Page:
how do you use brackets in simultaneous equations
One reason you might use brackets in simultaneous equations is for expressing the solution as an ordered set (usually pairs). If, for example, you had a 2-variable system of equations, x and y, you might express the result as the ordered pair (x,y) where x is replaced by the value found for x and y the value found for y.
Sometimes a system of equations has more than one solution, so the different solutions would be represented as (x1,y1) and (x2,y2). This can happen when the system involves one or more quadratic equations. The brackets ensure that the values for x and y are not mixed up.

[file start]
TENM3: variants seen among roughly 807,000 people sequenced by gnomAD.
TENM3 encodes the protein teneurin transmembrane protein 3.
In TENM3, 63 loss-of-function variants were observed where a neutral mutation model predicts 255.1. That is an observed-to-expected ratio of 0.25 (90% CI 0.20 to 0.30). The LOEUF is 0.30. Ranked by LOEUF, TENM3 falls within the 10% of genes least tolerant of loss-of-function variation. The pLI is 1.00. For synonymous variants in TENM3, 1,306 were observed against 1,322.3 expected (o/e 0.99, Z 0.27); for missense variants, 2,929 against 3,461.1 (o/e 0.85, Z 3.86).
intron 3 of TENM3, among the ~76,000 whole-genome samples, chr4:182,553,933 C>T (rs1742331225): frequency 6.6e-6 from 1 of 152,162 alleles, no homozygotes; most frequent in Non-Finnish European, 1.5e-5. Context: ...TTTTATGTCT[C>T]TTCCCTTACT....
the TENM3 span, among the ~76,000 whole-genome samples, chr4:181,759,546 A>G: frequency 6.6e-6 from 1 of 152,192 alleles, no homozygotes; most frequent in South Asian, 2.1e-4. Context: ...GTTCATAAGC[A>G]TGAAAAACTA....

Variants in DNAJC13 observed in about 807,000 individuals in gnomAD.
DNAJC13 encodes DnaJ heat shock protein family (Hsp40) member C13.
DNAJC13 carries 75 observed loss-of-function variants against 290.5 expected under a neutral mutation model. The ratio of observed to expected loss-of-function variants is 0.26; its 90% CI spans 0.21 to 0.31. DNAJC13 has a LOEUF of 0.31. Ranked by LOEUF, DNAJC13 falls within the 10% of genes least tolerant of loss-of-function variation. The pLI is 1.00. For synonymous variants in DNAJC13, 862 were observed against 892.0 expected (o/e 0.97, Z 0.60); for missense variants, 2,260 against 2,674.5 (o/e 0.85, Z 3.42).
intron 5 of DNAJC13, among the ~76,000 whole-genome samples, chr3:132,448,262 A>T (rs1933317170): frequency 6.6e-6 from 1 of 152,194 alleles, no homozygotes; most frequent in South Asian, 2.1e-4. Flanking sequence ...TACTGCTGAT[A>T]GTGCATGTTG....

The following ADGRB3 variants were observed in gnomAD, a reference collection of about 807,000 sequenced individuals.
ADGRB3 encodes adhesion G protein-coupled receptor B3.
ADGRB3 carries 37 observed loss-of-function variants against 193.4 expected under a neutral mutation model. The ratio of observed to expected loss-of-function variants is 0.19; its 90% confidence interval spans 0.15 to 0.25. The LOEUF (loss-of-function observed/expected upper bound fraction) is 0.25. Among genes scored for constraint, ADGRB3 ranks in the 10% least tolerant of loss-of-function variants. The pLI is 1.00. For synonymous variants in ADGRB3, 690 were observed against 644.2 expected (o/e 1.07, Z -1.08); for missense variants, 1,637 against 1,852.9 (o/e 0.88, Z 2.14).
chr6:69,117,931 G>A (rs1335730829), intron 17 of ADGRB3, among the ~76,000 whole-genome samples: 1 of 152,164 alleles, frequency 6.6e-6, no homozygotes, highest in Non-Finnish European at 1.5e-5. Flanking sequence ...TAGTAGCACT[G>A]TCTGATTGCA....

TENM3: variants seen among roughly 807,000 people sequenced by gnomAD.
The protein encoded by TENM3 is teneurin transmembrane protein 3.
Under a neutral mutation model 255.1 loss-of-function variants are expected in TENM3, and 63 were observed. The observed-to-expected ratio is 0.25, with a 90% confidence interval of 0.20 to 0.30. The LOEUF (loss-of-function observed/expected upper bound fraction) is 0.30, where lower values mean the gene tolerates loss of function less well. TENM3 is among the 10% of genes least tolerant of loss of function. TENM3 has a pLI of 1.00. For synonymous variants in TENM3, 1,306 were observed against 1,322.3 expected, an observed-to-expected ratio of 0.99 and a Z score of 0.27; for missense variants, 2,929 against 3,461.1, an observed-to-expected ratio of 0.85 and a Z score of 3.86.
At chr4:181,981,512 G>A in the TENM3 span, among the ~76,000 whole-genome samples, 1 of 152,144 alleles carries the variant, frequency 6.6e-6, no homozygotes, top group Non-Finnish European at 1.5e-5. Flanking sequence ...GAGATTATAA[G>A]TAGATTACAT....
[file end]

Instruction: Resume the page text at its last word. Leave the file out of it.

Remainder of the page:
Another reason for brackets is when using substitution to solve a system. Suppose there are two equations:
ax+by=c and dx+ey=f. From the first equations we can write y=(c-ax)/b and substitute for y in the second equation:
dx+e(c-ax)/b=f. That would be the first step in solving. The next step would be to expand the brackets and solve for x in terms of the constants a, b, c, d, e and f. Having found x, you find y by substituting the value of x in y=(c-ax)/b.
Sometimes a question involving simultaneous equations comes in a form that uses brackets, so the first step is to expand the brackets, combine like terms, and then continue to solve the system. Read More: ...